The following contains spoilers from the Forever fall finale.
Calling all Forever fans: Surprised?
The ABC drama on Tuesday revealed the identity of the mysterious man who refers to himself as “Adam,” claims to be immortal like Henry and has been phoning Dr. Morgan since the pilot: He’s Lewis Farber, a therapist played by Burn Gorman (Revenge, Game of Thrones), and he ups the game in a big way by the end of the episode.
When a mental patient shows up at the antiques shop and claims to be the caller — who has murdered others during the hour — Henry takes it upon himself to kill him. But afterwards, it becomes clear that the troubled man was coerced into pretending to be the caller by the actual caller: Gorman’s Farber (though we doubt that’s his real name), who pulls up outside the store in the episode’s final moments, vows that he’s not done with Henry and then drives away.
TVLine chatted with star Ioan Gruffudd about what the revelation means for Henry’s (endless) future, when we’ll next see Gorman’s unkillable baddie and what Gruffudd thinks will happen if Jo and Henry ever get together.
TVLINE | When I saw Gorman in the episode, I immediately thought, “Oh, he’s Adam.” He always plays villains! But then his character seemed so benign, I thought perhaps his casting was a big red herring.
I was worried about that. Because you and I know — because we’re so savvy about and aware of people who get cast in things. Because I knew of him, of course, and I thought, “Oh, he always plays these [characters].” But I’m thrilled that you of all people saw him and thought, “Oh, he’s actually quite nice.” [Laughs]
TVLINE | You’re now shooting Episode 13. The caller — we’re still calling him “Adam,” yes?
TVLINE | Does Adam appear again in what you’ve shot so far?
TVLINE | Will he pop up in future episodes?
Burn is on another show [AMC’s Turn], and there’s always talk of getting a date to come back. [We’re filming] the second episode after the big reveal and he has been mentioned, but he hasn’t been seen.
TVLINE | Adam has been around a lot longer than Henry. Does Henry worry at all that he might turn into someone like Adam, given enough time?
Well, the way that we’ve played it after the fact that he’s mortified about [killing the wrong man]. Although there was a line that was never really discussed with the writers, because — I say, “I didn’t have to do it.” I don’t know why I said that line. Was that a red herring. or was that me saying “I could have run away” or “I could have let him take me”?… [Henry] says that line to Jo in the next episode afterwards, and I wondered what that meant… It would be incredible to see Henry have to kill somebody in order to protect his secret. That would be the ultimate challenge.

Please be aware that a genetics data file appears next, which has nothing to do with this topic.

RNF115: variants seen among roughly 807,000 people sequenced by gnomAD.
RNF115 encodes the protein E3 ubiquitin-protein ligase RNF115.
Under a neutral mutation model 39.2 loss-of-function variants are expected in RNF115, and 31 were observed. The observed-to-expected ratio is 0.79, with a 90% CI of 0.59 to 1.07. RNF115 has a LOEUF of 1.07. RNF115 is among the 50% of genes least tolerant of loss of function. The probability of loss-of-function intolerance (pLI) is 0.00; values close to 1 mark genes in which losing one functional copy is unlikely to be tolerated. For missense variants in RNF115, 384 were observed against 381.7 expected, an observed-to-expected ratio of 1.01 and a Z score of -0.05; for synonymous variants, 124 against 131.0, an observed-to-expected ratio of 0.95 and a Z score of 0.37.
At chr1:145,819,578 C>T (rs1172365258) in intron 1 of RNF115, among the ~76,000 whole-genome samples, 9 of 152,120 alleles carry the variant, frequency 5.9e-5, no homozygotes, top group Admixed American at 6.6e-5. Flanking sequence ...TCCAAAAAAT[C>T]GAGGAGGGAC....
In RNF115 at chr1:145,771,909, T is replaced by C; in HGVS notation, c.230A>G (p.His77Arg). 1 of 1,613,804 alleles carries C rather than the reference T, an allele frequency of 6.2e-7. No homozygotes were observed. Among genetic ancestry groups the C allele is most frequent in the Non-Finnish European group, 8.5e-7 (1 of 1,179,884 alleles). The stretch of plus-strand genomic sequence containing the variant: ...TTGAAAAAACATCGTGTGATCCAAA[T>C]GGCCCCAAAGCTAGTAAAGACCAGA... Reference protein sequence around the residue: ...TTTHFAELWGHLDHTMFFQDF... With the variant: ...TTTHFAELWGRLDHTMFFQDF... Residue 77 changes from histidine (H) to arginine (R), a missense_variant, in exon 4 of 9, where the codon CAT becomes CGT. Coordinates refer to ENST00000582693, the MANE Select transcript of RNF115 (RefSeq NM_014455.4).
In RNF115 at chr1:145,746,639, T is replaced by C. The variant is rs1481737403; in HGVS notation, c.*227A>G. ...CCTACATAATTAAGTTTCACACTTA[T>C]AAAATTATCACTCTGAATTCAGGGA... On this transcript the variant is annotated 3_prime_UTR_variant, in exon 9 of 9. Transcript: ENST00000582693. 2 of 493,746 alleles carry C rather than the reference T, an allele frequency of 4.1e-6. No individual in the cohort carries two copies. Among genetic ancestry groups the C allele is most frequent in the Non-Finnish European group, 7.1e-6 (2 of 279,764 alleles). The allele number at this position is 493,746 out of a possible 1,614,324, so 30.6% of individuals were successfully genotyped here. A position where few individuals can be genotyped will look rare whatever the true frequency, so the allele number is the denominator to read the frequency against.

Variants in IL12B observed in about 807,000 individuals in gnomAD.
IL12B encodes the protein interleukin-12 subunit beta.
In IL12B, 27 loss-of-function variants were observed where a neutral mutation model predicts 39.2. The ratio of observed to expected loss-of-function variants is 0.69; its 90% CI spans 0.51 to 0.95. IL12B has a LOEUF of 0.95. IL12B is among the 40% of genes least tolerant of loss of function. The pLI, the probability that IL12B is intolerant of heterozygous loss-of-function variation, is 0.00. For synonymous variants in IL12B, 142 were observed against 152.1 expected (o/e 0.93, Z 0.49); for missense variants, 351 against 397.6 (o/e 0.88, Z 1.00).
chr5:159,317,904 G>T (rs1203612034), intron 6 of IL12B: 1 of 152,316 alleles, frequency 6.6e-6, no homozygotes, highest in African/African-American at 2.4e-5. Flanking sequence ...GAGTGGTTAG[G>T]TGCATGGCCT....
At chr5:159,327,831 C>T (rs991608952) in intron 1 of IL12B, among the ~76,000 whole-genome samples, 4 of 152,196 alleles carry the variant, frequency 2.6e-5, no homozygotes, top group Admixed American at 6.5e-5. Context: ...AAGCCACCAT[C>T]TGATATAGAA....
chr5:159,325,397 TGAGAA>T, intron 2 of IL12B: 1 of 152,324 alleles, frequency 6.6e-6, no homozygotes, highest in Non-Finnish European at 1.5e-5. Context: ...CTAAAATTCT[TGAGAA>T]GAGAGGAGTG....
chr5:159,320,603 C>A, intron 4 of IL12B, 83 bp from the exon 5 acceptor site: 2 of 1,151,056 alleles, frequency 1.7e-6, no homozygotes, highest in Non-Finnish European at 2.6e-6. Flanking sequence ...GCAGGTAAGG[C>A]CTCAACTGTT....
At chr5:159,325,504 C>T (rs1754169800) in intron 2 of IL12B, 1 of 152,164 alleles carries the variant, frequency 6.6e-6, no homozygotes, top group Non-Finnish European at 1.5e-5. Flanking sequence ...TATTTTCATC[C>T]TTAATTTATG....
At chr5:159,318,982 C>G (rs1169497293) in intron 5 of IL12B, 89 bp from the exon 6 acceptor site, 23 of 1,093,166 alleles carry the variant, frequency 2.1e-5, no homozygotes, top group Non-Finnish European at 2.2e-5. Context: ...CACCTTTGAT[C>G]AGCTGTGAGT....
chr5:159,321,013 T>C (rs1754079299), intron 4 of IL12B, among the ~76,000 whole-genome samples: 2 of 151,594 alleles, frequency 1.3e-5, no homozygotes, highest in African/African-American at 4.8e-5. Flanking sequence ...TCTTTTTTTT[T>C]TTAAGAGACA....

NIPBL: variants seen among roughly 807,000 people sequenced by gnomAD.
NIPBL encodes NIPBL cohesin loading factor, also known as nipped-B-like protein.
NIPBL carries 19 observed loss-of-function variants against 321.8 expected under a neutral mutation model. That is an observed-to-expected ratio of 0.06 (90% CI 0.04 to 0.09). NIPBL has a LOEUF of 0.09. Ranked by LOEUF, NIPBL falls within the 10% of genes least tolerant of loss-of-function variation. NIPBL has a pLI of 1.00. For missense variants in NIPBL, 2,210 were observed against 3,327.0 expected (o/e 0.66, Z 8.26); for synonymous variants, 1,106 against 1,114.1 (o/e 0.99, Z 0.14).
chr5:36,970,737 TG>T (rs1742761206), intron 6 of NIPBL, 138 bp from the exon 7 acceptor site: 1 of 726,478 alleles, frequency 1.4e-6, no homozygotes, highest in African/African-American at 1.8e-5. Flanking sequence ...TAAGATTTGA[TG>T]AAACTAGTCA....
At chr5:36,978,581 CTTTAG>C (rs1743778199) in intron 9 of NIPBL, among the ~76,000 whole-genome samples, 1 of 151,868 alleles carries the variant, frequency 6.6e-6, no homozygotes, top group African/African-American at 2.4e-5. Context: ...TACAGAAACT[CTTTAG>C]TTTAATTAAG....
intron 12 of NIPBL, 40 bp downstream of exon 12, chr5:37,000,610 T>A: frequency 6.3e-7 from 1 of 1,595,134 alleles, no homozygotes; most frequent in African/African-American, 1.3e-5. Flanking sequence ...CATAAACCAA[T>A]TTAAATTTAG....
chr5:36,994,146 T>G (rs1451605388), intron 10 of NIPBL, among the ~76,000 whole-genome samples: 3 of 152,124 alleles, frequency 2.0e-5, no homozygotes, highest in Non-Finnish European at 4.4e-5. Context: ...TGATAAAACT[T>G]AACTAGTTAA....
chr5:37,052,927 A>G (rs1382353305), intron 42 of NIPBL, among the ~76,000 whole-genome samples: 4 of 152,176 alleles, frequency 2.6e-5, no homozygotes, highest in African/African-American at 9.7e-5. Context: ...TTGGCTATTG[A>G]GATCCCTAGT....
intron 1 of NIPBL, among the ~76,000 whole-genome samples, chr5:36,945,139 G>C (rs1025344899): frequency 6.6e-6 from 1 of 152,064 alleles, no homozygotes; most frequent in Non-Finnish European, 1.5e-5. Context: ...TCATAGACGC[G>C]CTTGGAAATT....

TVLINE | We see Henry in the 1800s in this episode. Are there any historical periods you’d like to see via flashback?
We did a brief thing in the ’60s. Something of course from the days I grew up, something like early ’70s, that would be amazing. All the other stuff is all delicious and delightful, and the costumes are so wonderful. Something that all the audience members could all relate to. You know, early ’80s or something like that, that would be fun.
TVLINE | How much of Henry’s back story have you been privy to?
The stuff that is coming up, I’ve been forewarned about. Most of the stuff is fantastic. There’s never a point where I’ve gone “Oh, where is this heading?” [Henry’s] just got so much scope, and the writers are so clever.
TVLINE | The show does a good job of making Henry and Jo’s relationship warm and friendly without veering into will they-won’t they, at least not yet. Have you and Alana de la Garza discussed how you play that?
It’s interesting. I think it’s all down to the fact that we both know who we are as characters, where we’ve been, and where we need to go to further live a fulfilling life. Henry doesn’t die, but for her, she needs sort of closure from her past and she’s in a bit of a denial I think, from her loss. But as far as Alana and I discussing that, the scripts are so good and so subtle that we just play the episode. There’s no real effort involved or there on the page and it’s rather beautiful. There hasn’t been anything that’s come along yet that I’ve gone “Oh, this is too fast, this is too sudden.”
It’s all, as you said, very natural, and very warm — and very loving without any real romance there at all. I think that’s what people are attracted to. You can imagine them being together or maybe want them to be together, but it’s such a subtle thing that we have and it’s rather beautiful. It’s almost as if we ever did get together, the show might be over. [Laughs] It would be a totally different show by that stage.